Don’t forget about “Killers” auteur Martin Scorsese – at 81, he’s the oldest director to be nominated in this category. He’s a 10-time nominee here with one win, and is an easy favorite.


ON LOCK: 20 Days in Mariupol
ON THE SIDELINES: Eternal Memory
DON’T SLEEP ON: Bobi Wine: The People’s President

 “20 Days in Mariupol” is a harrowing documentary that follows an AP team of Ukrainian journalists trapped in Mariupol as war breaks out around them and it garnered positive reviews out of Sundance where it premiered last year and won an Audience Award. The film is also only one on this list that was up for a PGA – though it lost to “American Symphony” which missed out on a nom here – and for an Eddie, proving its strength. This category also tends to awards documentaries backed by a news outlet – which fits the bill with AP.

Don’t count out “Eternal Memory” by filmmaker Maite Alberdi who has been nominated in this category in the past, and “Bobi Wine: The People’s President,” a galvanizing film available on Disney+.


ON LOCK: Nǎi Nai & Wài Pó

Director Sean Wang captures the vivacious spirit of his grandmothers, who happen to be best friends, in “Nǎi Nai & Wài Pó,” or “Grandma & Grandma,” – the favorite in this category. Though don’t ignore the timeliness of “The ABCs of Book Banning,” nor “The Last Repair Shop” directed by category-alumni Ben Proudfoot and Kris Bowers.  


ON LOCK: Oppenheimer

Of the three nominees in this category that are over two-and-a-half hours,Oppenheimer” has the lead. Film editing often goes hand-in-hand with Best Sound – both categories tend to prefer war movies and “Oppenheimer” is the closest option here. It also won the BAFTA.

“Anatomy of a Fall” might make a move, because the editing has so much to do with the story and the protagonist’s perspective, but don’t count out 84-year-old Thelma Schoonmaker for her work on “Killers of the Flower Moon.” Going on almost six-decades of collaboration, where there’s love for Scorsese there’s love for Schoonmaker.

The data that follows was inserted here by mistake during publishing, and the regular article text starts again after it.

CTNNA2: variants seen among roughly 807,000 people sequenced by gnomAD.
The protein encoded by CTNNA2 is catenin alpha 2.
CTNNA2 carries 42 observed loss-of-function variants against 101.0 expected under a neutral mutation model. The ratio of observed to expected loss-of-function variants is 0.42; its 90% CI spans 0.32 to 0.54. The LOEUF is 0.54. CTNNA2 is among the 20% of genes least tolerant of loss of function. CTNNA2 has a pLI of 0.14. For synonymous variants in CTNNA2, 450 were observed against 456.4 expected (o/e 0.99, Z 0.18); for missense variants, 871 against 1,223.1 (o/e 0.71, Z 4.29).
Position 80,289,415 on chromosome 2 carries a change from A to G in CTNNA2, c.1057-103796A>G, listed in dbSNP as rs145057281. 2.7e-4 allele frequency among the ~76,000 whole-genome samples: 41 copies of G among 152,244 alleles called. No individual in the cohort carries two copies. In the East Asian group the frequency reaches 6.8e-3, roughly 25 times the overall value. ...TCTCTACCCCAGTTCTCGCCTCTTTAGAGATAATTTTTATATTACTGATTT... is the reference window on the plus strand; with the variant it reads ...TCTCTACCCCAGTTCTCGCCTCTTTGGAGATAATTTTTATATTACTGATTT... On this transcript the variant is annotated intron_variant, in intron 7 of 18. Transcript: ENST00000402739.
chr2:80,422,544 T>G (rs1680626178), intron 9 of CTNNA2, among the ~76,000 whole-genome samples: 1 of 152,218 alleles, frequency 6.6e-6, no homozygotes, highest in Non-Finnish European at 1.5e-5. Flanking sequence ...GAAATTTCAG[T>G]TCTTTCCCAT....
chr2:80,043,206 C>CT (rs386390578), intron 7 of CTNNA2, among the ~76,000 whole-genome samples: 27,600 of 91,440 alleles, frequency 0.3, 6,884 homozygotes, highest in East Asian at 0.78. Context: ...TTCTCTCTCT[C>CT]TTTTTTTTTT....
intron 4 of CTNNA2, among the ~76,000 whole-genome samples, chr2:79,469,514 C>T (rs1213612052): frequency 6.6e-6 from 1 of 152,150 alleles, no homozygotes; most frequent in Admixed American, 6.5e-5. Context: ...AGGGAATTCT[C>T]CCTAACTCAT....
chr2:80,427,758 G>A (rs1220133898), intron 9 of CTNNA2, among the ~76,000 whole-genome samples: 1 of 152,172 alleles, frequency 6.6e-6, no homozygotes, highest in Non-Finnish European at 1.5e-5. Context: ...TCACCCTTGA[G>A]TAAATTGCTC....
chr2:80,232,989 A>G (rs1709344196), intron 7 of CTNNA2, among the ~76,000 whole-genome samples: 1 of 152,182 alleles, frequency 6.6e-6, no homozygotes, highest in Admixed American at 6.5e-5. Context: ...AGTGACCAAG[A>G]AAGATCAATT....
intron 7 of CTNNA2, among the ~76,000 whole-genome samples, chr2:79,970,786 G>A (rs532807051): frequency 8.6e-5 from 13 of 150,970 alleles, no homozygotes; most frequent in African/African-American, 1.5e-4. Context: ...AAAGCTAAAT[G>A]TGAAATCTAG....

ON LOCK: Zone of Interest
ON THE SIDELINES: Society of the Snow
DON’T SLEEP ON: Perfect Days

The Zone of Interest

British entry “Zone of Interest” has the most nominations of any other film in this category, signaling support from the Academy. It also made history by being the first film to win both outstanding British Film and film not in the English language at the BAFTAs. It’s likely “Zone” takes it here, but the late surge of “Society of the Snow” could sneak up behind, and it’s likely “Perfect Days” from stalwart director Wim Wenders will garner some votes.


ON LOCK: Poor Things

Be on high alert for this category to help predict lead actor or actress – but since both lead actor and lead actress races are so close, that brings it down to chance for predicting this category. Since “Killers of the Flower Moon” was not recognized here, there’s a high chance the winner will align with Best Actor – giving “Oppenheimer” and “Maestro” a fighting chance. However, “Poor Things” is leading by a hair, because of Emma Stone’s praised performance, and its win in this category at the BAFTAs. Though that voting body is not a significant crossover to the Academy, it does have the laurels to back it up.


ON LOCK: Oppenheimer

Ludwig Göransson won this category in 2019 and after taking home the Globe, BAFTA, and Critic’s Choice this year, he’s likely to return to the stage in a win for “Oppenheimer.” “Indiana Jones and the Dial of Destiny” gave 92-year-old John Williams his 54th Oscar nomination and it’s possible voters will want to reward the composer for his decades of work that have scored generations of cinephiles. One could also make the case for “Killers of the Flower Moon” which also received a nod for Best Original Song, showing a wider support for the film’s music.


ON LOCK: “What Was I Made For?”

Billie Eilish and FINNEAS accepts the award for Best Original Song Motion Picture for “What Was I Made For?” Barbie Music & Lyrics at the 81st Golden Globe Awards held at the Beverly Hilton Hotel on January 7, 2024 in Beverly Hills, California. (Photo by Rich Polk/Golden Globes 2024/Golden Globes 2024 via Getty Images)

In this “Barbie”-fronted category, Billie Eilish and Finneas’ ballad “What Was I Made For?” is the frontrunner, after an ecstatic Globe win and two Grammys. Though “I’m Just Ken” won the Critic’s Choice, a win here for this song should be shared with Ryan Gosling’s daughters, who coached him through the performance. Like most years, it’s wise to keep songwriter Diane Warren in the conversation, who received her 15th nomination in this category with “The Fire Inside” from Eva Longoria’s “Flamin’ Hot.”